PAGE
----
Utility acquisitions that are not in relatively close proximity to their current customers would appear to offer no benefits to either Exelon or Pepco customers.
This acquisition will be closely scrutinized and I am sure will it will be opposed by several groups.
Exelon previous proposed the acquisition of a large utility group in New Jersey from which they ultimately withdrew due to opposing parties.
I look forward to hearing the rationale of how each local utility (BG&E, COMED, Pepco, and Atlantic City Electric) justifies the way each utilities’ customers are better served by having a larger corporation in charge of it.
Read the whole Crain’s Chicago Business Article “$6.8 billion Pepco buy makes Exelon an East Coast force”
The use of coal in electric generation is an issue where, on a national level, we should determine the optimum balance for the nation’s mix of energy used, air quality, and cost.
In producing electricity, coal plants emit carbon dioxide and other gases/particles that flow along the prevailing winds. These winds blow predominantly from West to East. Consequently, coal generation in the Mid-West accumulates higher concentrations of those emissions on the East Coast. This results in lower air quality and restrictions on what East Coast states can emit because their air is then already considered unhealthy.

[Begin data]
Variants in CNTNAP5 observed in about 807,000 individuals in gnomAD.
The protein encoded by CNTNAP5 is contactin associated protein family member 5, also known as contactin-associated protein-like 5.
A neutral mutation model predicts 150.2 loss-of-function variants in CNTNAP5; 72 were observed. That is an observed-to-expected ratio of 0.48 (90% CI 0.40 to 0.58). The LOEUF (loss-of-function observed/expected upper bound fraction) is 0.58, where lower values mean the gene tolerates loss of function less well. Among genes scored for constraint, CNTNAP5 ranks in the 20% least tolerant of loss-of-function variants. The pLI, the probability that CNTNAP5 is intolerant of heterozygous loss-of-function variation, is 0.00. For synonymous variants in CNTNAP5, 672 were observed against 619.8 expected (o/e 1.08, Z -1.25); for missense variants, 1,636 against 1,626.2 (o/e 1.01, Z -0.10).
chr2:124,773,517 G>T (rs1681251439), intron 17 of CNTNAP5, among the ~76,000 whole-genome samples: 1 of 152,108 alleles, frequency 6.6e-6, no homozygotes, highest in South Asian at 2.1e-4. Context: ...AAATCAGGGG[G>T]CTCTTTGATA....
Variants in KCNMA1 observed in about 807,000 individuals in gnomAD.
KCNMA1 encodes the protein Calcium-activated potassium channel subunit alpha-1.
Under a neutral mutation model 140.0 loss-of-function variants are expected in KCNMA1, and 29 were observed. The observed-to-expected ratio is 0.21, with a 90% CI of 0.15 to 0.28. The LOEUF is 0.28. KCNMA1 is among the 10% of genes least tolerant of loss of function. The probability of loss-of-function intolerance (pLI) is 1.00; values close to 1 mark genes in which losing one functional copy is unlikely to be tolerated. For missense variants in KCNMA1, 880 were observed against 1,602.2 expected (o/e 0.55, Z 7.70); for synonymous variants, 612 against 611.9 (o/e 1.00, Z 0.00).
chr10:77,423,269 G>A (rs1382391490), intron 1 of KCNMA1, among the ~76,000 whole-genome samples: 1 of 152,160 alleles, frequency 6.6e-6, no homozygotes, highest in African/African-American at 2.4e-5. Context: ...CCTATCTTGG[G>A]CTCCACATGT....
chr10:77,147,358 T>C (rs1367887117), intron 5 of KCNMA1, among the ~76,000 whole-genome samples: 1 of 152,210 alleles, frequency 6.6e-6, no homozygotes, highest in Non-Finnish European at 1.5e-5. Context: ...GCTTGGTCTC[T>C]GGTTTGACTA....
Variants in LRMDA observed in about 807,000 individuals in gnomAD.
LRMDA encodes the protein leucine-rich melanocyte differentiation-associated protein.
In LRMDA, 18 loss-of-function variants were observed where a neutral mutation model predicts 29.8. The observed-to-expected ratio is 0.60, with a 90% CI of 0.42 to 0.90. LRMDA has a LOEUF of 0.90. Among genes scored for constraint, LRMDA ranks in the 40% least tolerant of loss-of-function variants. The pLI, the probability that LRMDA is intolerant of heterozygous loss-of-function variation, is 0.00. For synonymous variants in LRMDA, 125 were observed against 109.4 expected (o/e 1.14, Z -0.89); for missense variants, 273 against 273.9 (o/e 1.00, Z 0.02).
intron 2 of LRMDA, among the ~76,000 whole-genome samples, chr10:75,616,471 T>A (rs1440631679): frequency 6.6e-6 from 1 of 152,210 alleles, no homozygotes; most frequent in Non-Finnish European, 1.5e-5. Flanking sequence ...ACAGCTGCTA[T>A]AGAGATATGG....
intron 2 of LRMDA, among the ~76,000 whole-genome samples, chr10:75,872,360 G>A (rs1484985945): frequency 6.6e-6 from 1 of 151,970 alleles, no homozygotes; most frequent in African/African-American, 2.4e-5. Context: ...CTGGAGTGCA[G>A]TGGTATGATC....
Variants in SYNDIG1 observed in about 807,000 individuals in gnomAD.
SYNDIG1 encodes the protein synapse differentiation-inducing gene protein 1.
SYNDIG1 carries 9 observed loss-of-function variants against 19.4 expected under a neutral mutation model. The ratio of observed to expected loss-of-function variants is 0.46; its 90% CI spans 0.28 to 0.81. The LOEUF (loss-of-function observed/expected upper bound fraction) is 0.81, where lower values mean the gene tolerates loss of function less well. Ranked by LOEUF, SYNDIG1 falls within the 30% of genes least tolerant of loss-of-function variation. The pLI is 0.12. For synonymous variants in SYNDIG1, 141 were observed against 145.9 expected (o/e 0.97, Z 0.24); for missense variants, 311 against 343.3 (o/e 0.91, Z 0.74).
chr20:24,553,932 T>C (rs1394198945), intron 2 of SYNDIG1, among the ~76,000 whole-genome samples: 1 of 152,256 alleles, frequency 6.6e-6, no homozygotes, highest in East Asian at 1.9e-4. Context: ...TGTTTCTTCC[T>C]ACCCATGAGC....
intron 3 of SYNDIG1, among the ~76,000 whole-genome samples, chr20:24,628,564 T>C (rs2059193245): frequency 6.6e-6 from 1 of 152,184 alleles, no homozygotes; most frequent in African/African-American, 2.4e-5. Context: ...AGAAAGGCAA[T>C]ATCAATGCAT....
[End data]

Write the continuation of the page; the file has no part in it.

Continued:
The ruling by the Supreme Court will cause EPA to issue rulings that, when implemented, will try to rebalance coal usage (which is still our most abundant fuel) with air quality and cost.
One result will be greater reliance on natural gas for power generation. Generally the emissions are less and costs are less, but depending on a single source of energy (be it coal, wind, natural gas or nuclear power) puts the nation at greater risk of a single event causing widespread interruption.